Melissa Breau: How does that kind of impact what you do to actually train the behavior?

Megan Foster: Well, mostly it comes down to how I reinforce it. Like if I'm teaching a passive behavior and it's always followed with something super exciting, it's not going to stay passive for long. But with the start line, something exciting is always happening after it. So it morphs into an active behavior very, very quickly. And so I want to think about that in the long term. So I reinforce active start, active stays at the start line with active reinforcers. So I am releasing them to move way more often, if not always, versus feeding them in position.

Melissa Breau: Do you use a whole different queue for it? For them staying put. Yeah. Versus like a lifetime stay?

Megan Foster: Yeah, so they, especially with active stays, because this also applies to any sort of stopped contact is once I put you in a position, you should assume to stay in that position until you're given a go queue. So it's really the, the position, the cue to take the position, the, the cue to sit, the cue to down, the cue to stand is the stay queue. And then they're just listening for the go cue. For that next cue.

Melissa Breau: Yeah. Yes. Yeah, exactly. You kind of mentioned the, the active piece of that, right? And I'm assuming that ties into what I was gonna ask you next, which is, I know it's really common for start lines to kind of erode over time, right? The dog begins competing and gradually that stay gets less of a stay and less of a stay, less of a stay. Is that inevitable? How do you maintain it? Like Yeah, talk me through all that.

Megan Foster: Oh my. Well, so gosh, what? Yes, because what's reinforcing the active stay is also breaking it, right? Because more and more anticipation builds and they start to, it starts like the active bit, the go bit starts leaking into the stay put bit, and then we don't have the stay put anymore. Like, yeah, this, and what I, what people think about it is like sometimes we think the dog's being naughty or the dog is anticipating this is just called learning. They're learning what's next, and they're like, I know, I know it. I know what's next. Let me show you how smart I am that I know what's next and I don't need you to tell me, look how smart I am. That's, that's all that's happening. And so when we kinda look at it like that, I think it opens up a bit more creativity and how we maintain it or fix it if it's already broken. So maintaining it does require some additional skills that I think are less common for agility dogs to learn. The first one I think is, is most people can get on board with it can be taught fairly quickly, and that is being able to have a reward behind the dog when you leave them. So that anytime I'm training, if I look at my dog and I want to release her, but she's leaning forward, her sit is not the pretty sit that I left her in. I don't wanna tell her she's wrong because she is staying put, but right, the learning is happening, right? Like she's, the, the active is creeping into my stay, and so I can choose to tell her to get the toy behind her instead. So that I'm still saying, thanks for that great effort. I absolutely love that you stayed there, but I don't love that you were leaning forward, you were going in the direction.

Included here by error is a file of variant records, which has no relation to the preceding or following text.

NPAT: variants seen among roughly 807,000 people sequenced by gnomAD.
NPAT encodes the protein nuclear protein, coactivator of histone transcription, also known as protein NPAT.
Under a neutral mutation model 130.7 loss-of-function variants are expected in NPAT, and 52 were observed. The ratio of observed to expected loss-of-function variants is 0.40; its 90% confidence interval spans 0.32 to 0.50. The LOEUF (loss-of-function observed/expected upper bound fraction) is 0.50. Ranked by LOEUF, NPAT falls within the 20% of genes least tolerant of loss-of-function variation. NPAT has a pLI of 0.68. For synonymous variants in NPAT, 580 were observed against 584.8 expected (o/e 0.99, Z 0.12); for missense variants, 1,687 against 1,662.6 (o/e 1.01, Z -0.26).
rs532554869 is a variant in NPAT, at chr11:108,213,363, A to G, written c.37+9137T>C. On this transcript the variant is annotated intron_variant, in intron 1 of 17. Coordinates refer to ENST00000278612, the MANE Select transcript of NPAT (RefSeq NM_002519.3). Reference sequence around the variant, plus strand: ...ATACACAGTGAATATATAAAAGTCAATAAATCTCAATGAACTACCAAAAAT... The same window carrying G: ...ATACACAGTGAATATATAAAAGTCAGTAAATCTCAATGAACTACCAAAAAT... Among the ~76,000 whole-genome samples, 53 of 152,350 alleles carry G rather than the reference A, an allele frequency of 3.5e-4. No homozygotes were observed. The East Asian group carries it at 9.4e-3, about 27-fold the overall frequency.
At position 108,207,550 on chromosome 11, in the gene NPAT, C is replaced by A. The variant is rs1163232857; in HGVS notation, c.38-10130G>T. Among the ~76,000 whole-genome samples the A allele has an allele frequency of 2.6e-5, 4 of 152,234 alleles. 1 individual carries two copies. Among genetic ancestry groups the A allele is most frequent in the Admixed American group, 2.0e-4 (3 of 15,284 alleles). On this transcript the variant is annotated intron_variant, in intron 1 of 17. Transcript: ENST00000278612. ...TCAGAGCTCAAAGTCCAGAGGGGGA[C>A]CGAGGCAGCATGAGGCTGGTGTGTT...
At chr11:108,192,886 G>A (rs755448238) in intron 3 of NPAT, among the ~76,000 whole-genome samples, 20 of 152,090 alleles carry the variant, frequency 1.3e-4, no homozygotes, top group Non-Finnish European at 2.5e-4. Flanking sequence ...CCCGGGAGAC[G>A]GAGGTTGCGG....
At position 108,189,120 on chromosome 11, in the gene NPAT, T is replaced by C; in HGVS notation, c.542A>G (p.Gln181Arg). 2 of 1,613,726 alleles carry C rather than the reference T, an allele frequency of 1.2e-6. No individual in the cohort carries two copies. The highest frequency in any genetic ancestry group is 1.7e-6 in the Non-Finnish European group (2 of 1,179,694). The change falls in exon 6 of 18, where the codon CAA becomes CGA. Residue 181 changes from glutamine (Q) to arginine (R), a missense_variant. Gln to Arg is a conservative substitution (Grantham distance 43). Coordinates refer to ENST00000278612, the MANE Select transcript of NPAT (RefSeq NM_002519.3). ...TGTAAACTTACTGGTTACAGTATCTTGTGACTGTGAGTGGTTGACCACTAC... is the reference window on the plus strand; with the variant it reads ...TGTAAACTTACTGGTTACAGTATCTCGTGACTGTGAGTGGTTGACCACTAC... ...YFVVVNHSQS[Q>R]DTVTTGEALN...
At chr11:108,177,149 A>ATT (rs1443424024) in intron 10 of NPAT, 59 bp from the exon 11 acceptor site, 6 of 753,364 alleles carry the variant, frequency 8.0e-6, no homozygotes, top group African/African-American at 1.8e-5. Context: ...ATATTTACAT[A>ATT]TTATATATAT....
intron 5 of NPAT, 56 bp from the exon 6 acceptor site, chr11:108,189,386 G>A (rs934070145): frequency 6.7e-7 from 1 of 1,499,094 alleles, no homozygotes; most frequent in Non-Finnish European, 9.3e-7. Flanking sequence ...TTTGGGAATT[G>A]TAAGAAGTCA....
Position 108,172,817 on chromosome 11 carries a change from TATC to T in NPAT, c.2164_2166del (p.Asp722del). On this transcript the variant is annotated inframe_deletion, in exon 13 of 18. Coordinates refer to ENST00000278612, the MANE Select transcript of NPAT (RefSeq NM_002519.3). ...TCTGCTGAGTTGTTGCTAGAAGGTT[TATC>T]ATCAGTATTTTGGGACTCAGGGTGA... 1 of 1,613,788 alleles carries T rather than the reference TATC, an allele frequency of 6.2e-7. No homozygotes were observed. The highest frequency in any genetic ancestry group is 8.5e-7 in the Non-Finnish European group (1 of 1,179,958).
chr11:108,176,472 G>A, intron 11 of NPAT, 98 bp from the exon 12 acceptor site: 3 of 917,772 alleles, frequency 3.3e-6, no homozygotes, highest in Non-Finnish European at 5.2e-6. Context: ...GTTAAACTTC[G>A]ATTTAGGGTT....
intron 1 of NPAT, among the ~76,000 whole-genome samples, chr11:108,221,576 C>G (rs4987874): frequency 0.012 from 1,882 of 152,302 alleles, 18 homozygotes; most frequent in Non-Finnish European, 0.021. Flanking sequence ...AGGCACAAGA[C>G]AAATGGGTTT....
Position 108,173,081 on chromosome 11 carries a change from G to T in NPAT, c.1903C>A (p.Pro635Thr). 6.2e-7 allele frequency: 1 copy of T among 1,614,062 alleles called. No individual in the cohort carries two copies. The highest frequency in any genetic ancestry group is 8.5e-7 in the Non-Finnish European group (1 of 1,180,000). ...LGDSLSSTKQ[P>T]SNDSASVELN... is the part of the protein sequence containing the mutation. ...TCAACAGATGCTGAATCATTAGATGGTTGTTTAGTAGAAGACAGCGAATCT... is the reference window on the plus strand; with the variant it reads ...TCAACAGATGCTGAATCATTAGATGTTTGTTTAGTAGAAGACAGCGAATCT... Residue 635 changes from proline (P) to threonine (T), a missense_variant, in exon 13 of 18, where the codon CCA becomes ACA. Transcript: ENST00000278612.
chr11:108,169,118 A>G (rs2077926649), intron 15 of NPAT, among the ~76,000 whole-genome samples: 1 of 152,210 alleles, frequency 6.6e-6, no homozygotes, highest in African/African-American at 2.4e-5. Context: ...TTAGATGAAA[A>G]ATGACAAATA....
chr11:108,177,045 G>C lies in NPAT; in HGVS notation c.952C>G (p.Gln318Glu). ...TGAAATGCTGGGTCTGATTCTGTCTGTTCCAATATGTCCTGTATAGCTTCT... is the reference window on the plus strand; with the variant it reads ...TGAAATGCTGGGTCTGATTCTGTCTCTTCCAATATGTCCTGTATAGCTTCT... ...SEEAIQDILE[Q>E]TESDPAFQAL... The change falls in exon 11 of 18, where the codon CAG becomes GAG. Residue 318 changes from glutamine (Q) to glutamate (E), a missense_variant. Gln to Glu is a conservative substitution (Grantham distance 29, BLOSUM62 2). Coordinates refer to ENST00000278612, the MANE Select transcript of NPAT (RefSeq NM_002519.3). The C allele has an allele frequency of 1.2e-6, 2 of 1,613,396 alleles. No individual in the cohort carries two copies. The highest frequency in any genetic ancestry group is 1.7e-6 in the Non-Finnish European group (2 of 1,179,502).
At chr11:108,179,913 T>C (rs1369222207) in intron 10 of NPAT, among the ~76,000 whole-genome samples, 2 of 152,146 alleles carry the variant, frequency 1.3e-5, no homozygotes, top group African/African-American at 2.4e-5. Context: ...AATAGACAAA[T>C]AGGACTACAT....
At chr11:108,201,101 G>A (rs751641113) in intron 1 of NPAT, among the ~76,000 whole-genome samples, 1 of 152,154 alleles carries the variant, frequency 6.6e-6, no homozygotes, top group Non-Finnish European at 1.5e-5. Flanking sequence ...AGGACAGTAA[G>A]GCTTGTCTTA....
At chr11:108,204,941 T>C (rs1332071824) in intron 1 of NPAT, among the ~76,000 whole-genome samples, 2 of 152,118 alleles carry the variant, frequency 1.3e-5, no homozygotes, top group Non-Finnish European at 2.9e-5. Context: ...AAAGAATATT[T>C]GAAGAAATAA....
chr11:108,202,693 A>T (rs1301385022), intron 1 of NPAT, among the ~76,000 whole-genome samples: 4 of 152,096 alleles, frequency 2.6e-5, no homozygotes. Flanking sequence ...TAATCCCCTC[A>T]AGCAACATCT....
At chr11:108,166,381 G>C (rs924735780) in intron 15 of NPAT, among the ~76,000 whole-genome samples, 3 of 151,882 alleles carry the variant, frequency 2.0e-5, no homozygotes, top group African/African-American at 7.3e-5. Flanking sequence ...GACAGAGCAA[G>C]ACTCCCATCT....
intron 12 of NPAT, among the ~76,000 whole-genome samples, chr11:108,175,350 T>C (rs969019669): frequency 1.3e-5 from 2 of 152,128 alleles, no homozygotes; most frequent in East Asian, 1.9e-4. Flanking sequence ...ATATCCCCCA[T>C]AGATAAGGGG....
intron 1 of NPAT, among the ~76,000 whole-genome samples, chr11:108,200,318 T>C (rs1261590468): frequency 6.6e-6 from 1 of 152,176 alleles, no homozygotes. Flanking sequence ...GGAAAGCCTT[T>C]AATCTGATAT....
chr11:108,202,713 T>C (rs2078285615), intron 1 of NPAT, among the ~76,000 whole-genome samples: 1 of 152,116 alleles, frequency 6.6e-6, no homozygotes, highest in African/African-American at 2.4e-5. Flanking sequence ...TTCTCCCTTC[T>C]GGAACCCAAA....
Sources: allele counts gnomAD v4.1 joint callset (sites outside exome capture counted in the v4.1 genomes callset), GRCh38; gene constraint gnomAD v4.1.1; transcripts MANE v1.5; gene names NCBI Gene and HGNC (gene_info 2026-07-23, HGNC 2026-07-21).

Melissa Breau: So in that moment, you're forward thought can thoughts?

Megan Foster: Yeah, exactly. In that moment, like I know that she wants the agility course more than anything in that context. So I can give her something that she still is very delighted with. It's her toy behind her, but it's not the thing that she was after. And so that particular skill I can start to select for those things.

And it is a tad bit ring sustainable because there are some organizations where you can choose to bring the toy into the ring and put the toy on the ground. Some organizations the toy can't leave your hand, so it's sort of ring sustainable. It just depends on which flavors of agility you play. But the other skill that I think is the harder sell, because it is, it can be complicated to teach our position changes because in the same way, so this is the completely ring sustainable solution. Same thing. If I look back and she's leaning forward, I can cue her to stand and her stand is a kickback stand, so she has to actually move away from the jump in order to take that position.

So same thing, I can select for perfect stays. And so the ones that are upright, she's focused, she's listening, but she's controlling all those muscles that are ready to go. Those get her access to agility every single time. And anything a little not as great as that, I can respond to it in a different way. I can make sure she's listening and then I can decide does she get, you know, if she stands up and it's a really nice stand, sure, let's let her have agility now, but I can, I can avoid that slippery slope if I have more, more ways to release the dog than just take the first obstacle.

Melissa Breau: Yeah. I imagine you, you mentioned, like training that does take some extra work, and I imagine there's actually quite a bit that goes into that.

Megan Foster: Yes. Fortunately we have brilliant obedience instructors at FDSA because that's what this is, is like you want, and it's maybe even a little bit more complex than the context of doing position changes in obedience, because I want the, I want to be able to cue the position changes while I'm moving away from the dog. And I want to be able to cue these position changes with a jump in front of them, a tunnel in front of them. Like everything about the situation says I want to go and I want them to be listening. It's, it's an effort like it, right? It has probably taken her entire existence for me to like feel comfortable using them in competition, but it so far has been way worth it. Yeah.

Melissa Breau: Yeah. So if somebody is thinking about rehabbing their start line, it has begun to erode and they're listening to this and going, Hmm, I think I need to fix it. Do they need to stop competing in order to fix it? You have to at least stop rehearsing the problematic behavior.